updated - January 18, 2020 Saturday EST
Markets across the world swooned on Monday after the sharp fall of China's stock market combined with the slide of the U.S. dollar spooked investors across the globe to selling their holdings.
Reuters said China's shares retreated by almost 9 percent after the central bank did not implement an expected cut in reserve ratios to support the stock market after its 11 percent slide last week.The dollar also weakened as the market has become uncertain whether the Federal Reserve will push through in September with its first rate hike in nearly a decade.
Reuters said the twin events sent European stocks crashing by 5 percent, with Wall Street expected to suffer similar losses. Bloomberg reported that emerging markets were likewise battered by shockwaves from China's fall as equities in Vietnam, India, the Philippines and Poland all came tumbling down.
Reuters added that the jitters on China's economy also dragged down the price of oil by 4 percent on concerns that the demand from the resource-hungry country will weaken amid an oversupply. It added that metal prices also took a beating with copper, a proxy for global industrial demand, down 2.5 percent, while nickel slid 6 percent to its lowest since 2009.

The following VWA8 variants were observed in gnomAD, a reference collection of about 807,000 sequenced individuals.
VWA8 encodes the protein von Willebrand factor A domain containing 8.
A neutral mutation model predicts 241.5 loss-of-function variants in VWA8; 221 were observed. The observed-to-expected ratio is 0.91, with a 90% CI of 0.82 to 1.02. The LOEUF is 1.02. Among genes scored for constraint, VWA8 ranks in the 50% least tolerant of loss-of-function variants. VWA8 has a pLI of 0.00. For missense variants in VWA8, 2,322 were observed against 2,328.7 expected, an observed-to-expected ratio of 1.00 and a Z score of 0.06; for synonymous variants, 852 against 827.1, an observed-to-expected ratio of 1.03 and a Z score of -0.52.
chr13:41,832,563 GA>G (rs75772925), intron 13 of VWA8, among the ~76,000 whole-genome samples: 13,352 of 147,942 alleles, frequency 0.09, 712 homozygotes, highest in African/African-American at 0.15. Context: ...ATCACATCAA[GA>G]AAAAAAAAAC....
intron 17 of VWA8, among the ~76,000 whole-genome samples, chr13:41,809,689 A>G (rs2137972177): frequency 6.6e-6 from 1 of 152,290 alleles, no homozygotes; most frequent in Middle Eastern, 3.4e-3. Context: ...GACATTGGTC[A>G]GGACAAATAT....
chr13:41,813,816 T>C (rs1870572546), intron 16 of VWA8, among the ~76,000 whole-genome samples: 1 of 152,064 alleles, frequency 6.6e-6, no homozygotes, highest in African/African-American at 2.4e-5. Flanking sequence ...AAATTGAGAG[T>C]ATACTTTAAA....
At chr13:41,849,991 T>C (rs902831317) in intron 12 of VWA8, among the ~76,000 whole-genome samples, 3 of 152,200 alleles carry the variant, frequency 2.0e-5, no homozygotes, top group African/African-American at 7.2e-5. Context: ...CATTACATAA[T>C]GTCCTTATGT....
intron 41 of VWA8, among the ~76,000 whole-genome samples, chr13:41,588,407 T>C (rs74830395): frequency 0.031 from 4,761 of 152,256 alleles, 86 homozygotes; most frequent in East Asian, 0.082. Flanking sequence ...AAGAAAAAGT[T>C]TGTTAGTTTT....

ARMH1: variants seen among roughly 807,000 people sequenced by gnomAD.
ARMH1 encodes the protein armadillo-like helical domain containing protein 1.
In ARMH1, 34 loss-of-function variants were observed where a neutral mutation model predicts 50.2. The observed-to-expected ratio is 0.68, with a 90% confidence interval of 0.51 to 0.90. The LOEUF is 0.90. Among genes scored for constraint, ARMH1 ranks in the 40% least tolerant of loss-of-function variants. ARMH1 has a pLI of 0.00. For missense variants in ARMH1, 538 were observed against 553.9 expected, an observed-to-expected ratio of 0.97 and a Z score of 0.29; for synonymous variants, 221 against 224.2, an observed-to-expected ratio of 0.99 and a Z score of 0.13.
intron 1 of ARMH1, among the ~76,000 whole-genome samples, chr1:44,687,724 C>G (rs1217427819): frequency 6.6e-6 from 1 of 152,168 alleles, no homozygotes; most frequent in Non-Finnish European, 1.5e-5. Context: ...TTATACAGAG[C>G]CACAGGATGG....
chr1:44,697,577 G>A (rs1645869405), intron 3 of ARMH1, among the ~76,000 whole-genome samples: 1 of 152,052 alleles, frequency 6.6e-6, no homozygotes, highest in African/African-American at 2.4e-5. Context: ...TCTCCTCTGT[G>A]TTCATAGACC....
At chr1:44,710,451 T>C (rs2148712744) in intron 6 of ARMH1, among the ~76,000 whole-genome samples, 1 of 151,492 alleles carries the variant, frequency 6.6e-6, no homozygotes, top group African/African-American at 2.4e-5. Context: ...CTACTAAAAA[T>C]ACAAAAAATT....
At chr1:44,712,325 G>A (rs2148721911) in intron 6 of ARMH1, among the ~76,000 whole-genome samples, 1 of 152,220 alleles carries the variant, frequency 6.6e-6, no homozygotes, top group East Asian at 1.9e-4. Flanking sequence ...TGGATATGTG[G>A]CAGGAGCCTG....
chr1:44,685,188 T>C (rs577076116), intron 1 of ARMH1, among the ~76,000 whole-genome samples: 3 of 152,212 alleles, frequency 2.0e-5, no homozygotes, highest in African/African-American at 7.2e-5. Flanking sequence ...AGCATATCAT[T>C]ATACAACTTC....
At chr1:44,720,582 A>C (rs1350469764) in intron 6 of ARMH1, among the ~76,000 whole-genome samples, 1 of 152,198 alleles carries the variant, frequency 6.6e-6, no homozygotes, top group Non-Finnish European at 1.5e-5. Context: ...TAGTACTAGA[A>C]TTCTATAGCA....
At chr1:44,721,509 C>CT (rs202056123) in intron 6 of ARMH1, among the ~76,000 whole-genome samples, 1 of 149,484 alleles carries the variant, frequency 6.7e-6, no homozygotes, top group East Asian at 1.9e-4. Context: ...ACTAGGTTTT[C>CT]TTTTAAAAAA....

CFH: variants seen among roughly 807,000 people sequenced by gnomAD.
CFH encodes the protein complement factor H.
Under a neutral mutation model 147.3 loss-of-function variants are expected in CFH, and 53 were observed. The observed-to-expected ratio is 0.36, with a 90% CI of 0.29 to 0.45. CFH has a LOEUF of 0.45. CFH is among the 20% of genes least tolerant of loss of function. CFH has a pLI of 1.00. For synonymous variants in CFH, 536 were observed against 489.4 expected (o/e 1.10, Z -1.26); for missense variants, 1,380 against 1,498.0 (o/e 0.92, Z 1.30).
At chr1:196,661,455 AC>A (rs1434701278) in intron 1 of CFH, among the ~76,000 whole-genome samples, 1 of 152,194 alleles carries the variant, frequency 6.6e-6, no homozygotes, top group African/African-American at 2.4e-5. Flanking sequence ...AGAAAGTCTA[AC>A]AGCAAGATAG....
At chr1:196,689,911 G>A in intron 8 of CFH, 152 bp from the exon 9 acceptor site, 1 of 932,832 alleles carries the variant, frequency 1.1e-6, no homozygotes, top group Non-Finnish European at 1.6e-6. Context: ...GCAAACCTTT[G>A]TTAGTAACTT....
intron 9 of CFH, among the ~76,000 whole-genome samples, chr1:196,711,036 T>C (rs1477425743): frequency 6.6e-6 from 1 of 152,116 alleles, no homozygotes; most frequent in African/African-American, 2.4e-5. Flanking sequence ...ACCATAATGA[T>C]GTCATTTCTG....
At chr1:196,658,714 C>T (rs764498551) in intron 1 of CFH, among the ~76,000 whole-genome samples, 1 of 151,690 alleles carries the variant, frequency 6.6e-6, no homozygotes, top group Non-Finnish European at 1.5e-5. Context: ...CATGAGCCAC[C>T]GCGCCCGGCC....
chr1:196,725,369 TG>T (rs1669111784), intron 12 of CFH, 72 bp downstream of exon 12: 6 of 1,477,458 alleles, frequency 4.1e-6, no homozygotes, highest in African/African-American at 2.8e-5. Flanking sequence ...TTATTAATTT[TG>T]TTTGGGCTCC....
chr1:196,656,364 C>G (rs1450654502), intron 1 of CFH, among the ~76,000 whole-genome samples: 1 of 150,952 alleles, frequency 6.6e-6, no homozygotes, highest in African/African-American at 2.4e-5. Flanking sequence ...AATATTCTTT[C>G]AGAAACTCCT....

Bloomberg said the drop of China's stock market was the worst since 2007. It noted that the fall came even as the government announced over the weekend that pension funds will be allowed to invest in the stock market. The report added that from its peak in June 12, the Shanghai Composite Index has shed 38 percent of its value, which is equivalent to more than $4 trillion.
While investors were reportedly disappointed with the lack of government support for the stock market, Bloomberg pointed out that the government has indeed implemented a raft of measures to prop shares such as unleashing $400 billion for investment in equities, banning selling by major shareholders and telling state-owned companies to buy stocks.
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